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Is it ok to house 2 Roosters?

Discussion in 'Managing Your Flock' started by msbenton1112, May 24, 2016.

  1. msbenton1112

    msbenton1112 Out Of The Brooder

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    So I have 3 Delaware 3 black australorp,2 partridge Brahma and 2 guineas. The chicks were supposed to be all pullets but it seems one if the Delaware is a Roo and one of the brahmas is a Roo. They both appear to be good natured as of 6 weeks old. Can I keep them or should I get rid of them? I know I posted on here before an they said I could have damaged hens in the future because there sent enough hens for the rooster? What should I do? This is my first batch of chicks.
     
  2. Wol1

    Wol1 Chillin' With My Peeps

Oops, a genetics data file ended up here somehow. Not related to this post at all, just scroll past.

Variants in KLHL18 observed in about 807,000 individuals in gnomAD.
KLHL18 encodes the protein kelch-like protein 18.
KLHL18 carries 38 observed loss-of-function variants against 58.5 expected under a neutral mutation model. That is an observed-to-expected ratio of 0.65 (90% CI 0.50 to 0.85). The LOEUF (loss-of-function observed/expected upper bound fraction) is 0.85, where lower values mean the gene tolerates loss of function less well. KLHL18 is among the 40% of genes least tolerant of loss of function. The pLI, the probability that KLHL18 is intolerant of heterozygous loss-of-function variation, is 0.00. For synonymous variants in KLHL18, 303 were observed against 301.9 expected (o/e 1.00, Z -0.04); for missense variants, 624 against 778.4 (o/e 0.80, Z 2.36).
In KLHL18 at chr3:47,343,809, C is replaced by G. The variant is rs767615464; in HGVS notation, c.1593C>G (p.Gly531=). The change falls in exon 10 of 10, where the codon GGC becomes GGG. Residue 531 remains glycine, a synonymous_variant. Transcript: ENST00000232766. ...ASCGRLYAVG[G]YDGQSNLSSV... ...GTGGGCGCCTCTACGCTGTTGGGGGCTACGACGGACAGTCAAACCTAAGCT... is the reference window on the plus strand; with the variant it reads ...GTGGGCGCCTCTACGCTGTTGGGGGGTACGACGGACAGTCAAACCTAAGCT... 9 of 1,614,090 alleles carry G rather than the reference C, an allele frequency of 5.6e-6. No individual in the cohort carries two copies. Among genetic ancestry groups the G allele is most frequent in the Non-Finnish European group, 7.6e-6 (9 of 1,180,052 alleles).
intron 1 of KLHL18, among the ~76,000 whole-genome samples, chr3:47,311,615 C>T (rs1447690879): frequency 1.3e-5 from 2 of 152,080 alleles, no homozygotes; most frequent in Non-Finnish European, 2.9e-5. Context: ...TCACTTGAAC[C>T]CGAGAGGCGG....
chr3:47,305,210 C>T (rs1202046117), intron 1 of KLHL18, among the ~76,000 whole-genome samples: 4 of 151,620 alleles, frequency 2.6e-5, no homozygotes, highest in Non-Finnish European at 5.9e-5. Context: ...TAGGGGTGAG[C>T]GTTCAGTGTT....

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    Yes, you can. Maybe. Not sure what you mean by "house two roos". We have two unexpected roos (never buying from Rural King again...lady up the street got 5 roos out of 6 "pullets" from same store). Our two get along well with each other, perhaps because they grew up together. One of them had a very violent idea of courtship and was freaking the older hens (and my husband) out, so we nixed keeping him with the hens. But we didn't want him to be alone, so we built a separate coop for them out of sight of the girls, and they get along very well. A bachelor pad. Maybe we should put a TV in there. We shut them in the coop before we let the girls out to forage in the evening because that's just too much for them to bear, but there are some hens which get out during the day, and the boys just act silly when they're around...like 5th grade boys, maybe. We worried they would attack each other if a hen was around, but they don't. A little chest puffing grandstanding, but they seem to both know who's in charge at the moment and how far to go.